FRU  records  with  invalid  checksums. To properly ignore these set of
       checksums a  skipchecks  workaround  has  been  added  to  ipmi-fru(8).
       Please  see  each  of  the  tool  manpages  to  see a list of available

       Additional information, examples, and general trouble-shooting  can  be
       found in each of the tool manpages.

General Use

       The primary tools that most users of FreeIPMI will be interested in for
       system management are the following:


       A tool to read IPMI sensor readings to aid in system monitoring.


       A tool to read and manage IPMI System Event Log (SEL) records to aid in
       system debugging.


       A tool for remote power control.


       A tool for Serial-over-Lan (SOL) console access.

       Many  other  tools and libraries are listed below that cover additional
       features and areas of IPMI.

       Additional information, examples, and general trouble-shooting  can  be
       found in each of the tool manpages.


       In  order  to  avoid  typing  in a long list of command line options to
       specify IPMI communication requirements everytime a command is executed
       (e.g.  driver  paths,  usernames, passwords, etc.), an alternate set of
       default values can be set for  most  FreeIPMI  tools  in  the  FreeIPMI
       configuration file. See freeipmi.conf(5) for more information.

HPC Support

       Much   of   FreeIPMI   was  written  with  HPC  support  in  mind.  The
       configuration tools ( bmc-config(8), ipmi-pef-config(8),  ipmi-sensors-
       config(8),  and  ipmi-chassis-config(8)  )  come with file input/output
       support so that configuration can be copied and verified  across  nodes
       in  a cluster. Most tools (like ipmipower(8) and ipmi-sensors(8) ) come
       with hostrange support so  multiple  hosts  can  be  specified  on  the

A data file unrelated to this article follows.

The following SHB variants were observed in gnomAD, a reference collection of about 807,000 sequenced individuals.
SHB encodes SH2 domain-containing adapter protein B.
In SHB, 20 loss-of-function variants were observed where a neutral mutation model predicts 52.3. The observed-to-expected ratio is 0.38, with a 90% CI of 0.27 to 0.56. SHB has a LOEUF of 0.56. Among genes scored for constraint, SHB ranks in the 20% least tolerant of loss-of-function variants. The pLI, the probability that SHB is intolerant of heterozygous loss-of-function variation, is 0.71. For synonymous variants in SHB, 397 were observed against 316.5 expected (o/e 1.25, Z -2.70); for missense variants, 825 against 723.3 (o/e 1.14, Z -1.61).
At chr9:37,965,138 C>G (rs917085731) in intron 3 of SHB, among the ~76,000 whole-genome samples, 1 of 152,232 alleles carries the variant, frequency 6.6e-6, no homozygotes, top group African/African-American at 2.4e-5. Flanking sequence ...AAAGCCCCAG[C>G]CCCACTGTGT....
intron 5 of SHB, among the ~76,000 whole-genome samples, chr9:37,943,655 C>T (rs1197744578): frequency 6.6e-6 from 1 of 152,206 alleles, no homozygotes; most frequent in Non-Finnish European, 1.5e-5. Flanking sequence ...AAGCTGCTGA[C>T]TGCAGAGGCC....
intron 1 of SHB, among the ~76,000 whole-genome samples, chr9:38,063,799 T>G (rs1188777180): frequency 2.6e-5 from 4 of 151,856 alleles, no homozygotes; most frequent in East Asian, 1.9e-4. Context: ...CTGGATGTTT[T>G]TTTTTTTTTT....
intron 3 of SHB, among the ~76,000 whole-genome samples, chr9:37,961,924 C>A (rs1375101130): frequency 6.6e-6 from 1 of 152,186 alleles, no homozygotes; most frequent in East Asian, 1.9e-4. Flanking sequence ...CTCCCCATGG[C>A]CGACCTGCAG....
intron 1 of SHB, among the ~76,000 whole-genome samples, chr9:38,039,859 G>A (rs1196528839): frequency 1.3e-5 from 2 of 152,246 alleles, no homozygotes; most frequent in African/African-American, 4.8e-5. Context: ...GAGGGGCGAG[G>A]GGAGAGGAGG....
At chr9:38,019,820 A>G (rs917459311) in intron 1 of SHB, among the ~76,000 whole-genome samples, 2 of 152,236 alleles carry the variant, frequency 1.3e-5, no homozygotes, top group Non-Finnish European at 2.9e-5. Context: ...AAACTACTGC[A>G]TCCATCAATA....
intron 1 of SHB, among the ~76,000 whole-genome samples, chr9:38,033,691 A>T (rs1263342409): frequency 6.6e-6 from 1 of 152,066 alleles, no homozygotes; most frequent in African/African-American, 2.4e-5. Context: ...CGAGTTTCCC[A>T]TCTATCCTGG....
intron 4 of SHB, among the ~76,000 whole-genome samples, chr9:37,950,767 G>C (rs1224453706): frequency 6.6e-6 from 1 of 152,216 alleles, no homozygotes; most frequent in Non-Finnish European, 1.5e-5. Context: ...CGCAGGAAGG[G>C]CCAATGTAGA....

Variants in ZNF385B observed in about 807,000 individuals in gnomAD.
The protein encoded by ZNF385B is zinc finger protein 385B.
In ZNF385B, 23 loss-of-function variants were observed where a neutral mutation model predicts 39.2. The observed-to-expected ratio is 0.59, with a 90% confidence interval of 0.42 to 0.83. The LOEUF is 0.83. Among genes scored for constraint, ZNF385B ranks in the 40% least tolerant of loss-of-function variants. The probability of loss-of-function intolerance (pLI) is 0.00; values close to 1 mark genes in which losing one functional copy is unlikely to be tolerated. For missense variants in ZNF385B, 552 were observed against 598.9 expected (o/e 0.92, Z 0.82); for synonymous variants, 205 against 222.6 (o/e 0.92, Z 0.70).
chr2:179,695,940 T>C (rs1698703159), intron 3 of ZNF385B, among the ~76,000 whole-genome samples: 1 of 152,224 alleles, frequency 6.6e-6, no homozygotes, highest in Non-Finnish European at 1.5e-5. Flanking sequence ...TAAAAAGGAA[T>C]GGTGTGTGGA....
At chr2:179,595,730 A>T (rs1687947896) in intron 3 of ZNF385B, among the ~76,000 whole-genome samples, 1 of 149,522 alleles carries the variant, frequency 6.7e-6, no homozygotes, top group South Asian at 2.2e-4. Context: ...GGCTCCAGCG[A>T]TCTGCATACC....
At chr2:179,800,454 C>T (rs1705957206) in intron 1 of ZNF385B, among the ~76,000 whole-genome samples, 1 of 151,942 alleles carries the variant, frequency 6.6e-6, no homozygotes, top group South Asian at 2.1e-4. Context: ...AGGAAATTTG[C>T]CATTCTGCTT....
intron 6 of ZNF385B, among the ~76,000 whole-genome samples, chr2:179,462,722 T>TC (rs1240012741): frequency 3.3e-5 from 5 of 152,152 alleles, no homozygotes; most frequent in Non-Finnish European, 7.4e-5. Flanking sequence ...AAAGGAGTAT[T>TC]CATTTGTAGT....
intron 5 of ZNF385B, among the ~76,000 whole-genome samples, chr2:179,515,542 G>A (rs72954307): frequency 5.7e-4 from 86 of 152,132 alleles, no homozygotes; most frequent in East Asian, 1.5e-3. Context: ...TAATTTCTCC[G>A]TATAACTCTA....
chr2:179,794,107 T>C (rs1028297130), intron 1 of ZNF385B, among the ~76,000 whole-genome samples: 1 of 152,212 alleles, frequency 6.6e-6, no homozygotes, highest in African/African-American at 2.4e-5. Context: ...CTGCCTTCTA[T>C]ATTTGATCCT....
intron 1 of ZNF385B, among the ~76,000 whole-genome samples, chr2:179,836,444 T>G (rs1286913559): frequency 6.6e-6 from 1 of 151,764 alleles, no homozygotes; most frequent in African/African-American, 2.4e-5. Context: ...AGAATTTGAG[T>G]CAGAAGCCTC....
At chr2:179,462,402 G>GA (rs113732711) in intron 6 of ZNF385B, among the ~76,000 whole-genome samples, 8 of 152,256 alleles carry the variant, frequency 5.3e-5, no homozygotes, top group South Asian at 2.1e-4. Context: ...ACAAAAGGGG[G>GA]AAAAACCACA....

command  line  at  the  same  time and IPMI can be executed against the
       hosts in parallel. See tool manpages for more  information.   Also  see
       the document freeipmi-hostrange.txt for detailed usage and explanation.
       The ipmimonitoring(8) tool interprets sensor readings as well  as  just
       reporting  them.  By  mapping sensor readings into NOMINAL, WARNING, or
       CRITICAL states,  it  makes  monitoring  sensors  easier  across  large
       numbers of nodes.


       For  information  on  the  libraries  that  can be used to program IPMI
       applications  with,  please  see   libfreeipmi(3),   libipmiconsole(3),
       libipmimonitoring(3),   and  libipmidetect(3).   Or  see  the  document

Project Tools

       The following tools are distributed and supported by FreeIPMI.


       A tool to read information about a BMC such as device version  numbers,
       device support, and globally unique IDs (guids).


       A  tool  to  configure  general  BMC  and  IPMI  information.  Supports
       configuration  of   usernames,   passwords,   networking   information,
       security, Serial-over-LAN (SOL), and other core fields.


       A tool/daemon to manage a BMC Watchdog. This tool is typically used for
       system timeout management and automatic system restarts in the event of
       a system crash.


       A   tool   to   manage/monitor   a  chassis,  such  as  chassis  power,
       identification (i.e. LED control), and status.